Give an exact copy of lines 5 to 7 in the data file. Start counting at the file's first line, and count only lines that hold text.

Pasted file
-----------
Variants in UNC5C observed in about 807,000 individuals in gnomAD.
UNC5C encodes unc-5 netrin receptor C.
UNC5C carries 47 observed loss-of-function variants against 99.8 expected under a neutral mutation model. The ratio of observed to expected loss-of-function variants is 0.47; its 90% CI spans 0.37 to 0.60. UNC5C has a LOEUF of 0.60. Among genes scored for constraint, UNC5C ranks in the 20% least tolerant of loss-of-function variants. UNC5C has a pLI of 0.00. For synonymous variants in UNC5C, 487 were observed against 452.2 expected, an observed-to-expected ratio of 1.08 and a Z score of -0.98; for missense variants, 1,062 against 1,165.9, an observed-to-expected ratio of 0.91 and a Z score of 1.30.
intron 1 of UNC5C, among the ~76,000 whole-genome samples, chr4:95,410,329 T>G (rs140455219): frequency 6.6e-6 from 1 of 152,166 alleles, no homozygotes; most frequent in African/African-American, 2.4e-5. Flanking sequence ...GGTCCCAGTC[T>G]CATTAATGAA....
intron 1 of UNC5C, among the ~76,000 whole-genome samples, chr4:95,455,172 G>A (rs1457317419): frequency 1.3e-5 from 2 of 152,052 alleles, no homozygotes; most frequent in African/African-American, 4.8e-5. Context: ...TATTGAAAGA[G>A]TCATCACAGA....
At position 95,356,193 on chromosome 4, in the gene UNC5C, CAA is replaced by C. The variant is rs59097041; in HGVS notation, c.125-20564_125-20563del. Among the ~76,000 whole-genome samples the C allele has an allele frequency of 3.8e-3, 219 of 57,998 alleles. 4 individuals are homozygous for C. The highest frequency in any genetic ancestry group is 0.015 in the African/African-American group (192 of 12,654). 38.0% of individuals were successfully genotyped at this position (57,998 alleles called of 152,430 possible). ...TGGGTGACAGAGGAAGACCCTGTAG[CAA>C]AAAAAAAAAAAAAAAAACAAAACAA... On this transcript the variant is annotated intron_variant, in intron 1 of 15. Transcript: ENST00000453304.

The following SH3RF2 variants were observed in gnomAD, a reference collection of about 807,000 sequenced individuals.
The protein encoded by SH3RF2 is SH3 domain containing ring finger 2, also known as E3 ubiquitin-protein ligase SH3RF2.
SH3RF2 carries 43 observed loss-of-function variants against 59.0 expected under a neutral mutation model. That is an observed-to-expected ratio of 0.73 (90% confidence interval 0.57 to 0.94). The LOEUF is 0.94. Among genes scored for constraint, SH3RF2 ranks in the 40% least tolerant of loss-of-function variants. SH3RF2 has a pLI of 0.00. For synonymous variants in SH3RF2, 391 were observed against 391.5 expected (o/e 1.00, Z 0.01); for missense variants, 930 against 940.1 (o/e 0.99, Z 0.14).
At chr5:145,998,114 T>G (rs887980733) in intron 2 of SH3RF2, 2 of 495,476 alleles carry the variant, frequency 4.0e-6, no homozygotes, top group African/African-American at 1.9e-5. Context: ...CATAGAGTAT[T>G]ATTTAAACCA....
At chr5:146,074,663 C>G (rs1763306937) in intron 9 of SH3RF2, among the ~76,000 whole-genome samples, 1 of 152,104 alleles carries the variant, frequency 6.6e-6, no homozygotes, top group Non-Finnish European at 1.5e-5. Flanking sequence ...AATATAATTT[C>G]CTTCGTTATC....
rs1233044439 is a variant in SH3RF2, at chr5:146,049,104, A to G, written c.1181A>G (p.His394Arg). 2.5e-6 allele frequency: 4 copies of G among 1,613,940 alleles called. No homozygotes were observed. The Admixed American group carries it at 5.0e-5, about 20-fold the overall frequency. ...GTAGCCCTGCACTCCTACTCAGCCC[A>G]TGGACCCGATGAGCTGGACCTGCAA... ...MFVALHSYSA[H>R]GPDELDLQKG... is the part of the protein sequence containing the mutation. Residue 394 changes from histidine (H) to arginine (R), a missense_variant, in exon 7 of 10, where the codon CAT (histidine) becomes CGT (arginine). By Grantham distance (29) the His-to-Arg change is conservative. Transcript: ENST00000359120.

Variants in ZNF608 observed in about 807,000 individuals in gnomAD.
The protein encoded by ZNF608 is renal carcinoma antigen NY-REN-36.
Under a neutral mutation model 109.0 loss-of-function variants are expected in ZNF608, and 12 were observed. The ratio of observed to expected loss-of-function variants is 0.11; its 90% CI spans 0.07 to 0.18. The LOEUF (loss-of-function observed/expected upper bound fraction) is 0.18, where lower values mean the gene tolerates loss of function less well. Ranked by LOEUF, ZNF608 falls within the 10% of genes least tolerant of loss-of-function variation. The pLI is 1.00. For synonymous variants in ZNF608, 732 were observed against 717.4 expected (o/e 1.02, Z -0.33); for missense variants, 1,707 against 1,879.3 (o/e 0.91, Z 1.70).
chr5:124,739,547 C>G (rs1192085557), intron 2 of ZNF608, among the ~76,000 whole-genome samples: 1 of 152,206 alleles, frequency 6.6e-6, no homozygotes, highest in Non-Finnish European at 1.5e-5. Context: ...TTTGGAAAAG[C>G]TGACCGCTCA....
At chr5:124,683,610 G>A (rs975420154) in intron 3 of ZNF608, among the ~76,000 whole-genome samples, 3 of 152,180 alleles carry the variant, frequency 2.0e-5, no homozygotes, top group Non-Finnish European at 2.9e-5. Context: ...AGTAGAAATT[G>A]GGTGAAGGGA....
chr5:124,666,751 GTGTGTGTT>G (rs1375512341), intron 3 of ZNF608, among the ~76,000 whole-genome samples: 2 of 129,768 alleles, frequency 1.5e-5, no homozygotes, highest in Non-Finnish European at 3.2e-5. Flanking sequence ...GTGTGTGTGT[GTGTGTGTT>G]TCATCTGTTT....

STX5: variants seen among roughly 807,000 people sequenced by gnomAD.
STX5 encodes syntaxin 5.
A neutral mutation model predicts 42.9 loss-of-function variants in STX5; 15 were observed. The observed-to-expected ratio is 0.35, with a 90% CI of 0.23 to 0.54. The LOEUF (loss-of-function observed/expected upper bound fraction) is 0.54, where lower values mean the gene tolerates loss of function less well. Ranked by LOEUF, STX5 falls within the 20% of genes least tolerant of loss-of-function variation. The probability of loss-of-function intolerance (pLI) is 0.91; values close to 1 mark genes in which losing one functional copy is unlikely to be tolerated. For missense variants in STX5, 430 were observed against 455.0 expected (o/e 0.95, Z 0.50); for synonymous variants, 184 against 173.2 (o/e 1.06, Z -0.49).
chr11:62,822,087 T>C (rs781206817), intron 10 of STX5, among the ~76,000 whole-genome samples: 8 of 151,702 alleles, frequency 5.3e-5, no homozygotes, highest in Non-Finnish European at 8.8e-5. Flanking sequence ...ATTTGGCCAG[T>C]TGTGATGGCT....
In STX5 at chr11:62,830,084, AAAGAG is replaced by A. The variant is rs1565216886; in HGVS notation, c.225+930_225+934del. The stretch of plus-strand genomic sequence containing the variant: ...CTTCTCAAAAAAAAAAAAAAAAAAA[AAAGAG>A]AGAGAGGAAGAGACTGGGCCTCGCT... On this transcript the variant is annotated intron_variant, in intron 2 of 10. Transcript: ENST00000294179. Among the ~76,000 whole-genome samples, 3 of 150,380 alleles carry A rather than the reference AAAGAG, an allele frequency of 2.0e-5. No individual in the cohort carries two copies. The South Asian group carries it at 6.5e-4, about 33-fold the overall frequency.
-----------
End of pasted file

intron 1 of UNC5C, among the ~76,000 whole-genome samples, chr4:95,455,172 G>A (rs1457317419): frequency 1.3e-5 from 2 of 152,052 alleles, no homozygotes; most frequent in African/African-American, 4.8e-5. Context: ...TATTGAAAGA[G>A]TCATCACAGA....
At position 95,356,193 on chromosome 4, in the gene UNC5C, CAA is replaced by C. The variant is rs59097041; in HGVS notation, c.125-20564_125-20563del. Among the ~76,000 whole-genome samples the C allele has an allele frequency of 3.8e-3, 219 of 57,998 alleles. 4 individuals are homozygous for C. The highest frequency in any genetic ancestry group is 0.015 in the African/African-American group (192 of 12,654). 38.0% of individuals were successfully genotyped at this position (57,998 alleles called of 152,430 possible). ...TGGGTGACAGAGGAAGACCCTGTAG[CAA>C]AAAAAAAAAAAAAAAAACAAAACAA... On this transcript the variant is annotated intron_variant, in intron 1 of 15. Transcript: ENST00000453304.

The following SH3RF2 variants were observed in gnomAD, a reference collection of about 807,000 sequenced individuals.